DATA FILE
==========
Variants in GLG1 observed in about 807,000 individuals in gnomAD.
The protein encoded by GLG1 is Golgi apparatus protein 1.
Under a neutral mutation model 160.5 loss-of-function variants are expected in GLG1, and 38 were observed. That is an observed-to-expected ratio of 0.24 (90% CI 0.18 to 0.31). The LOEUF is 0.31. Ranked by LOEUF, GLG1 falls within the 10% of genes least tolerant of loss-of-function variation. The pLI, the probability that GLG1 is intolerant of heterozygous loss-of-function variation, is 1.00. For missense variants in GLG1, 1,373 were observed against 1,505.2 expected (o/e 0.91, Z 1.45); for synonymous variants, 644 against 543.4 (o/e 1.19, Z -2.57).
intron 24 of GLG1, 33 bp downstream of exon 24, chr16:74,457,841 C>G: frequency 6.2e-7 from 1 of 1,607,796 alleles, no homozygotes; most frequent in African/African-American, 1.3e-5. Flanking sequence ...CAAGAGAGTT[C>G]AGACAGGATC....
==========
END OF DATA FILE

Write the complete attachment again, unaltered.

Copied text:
Variants in GLG1 observed in about 807,000 individuals in gnomAD.
The protein encoded by GLG1 is Golgi apparatus protein 1.
Under a neutral mutation model 160.5 loss-of-function variants are expected in GLG1, and 38 were observed. That is an observed-to-expected ratio of 0.24 (90% CI 0.18 to 0.31). The LOEUF is 0.31. Ranked by LOEUF, GLG1 falls within the 10% of genes least tolerant of loss-of-function variation. The pLI, the probability that GLG1 is intolerant of heterozygous loss-of-function variation, is 1.00. For missense variants in GLG1, 1,373 were observed against 1,505.2 expected (o/e 0.91, Z 1.45); for synonymous variants, 644 against 543.4 (o/e 1.19, Z -2.57).
intron 24 of GLG1, 33 bp downstream of exon 24, chr16:74,457,841 C>G: frequency 6.2e-7 from 1 of 1,607,796 alleles, no homozygotes; most frequent in African/African-American, 1.3e-5. Flanking sequence ...CAAGAGAGTT[C>G]AGACAGGATC....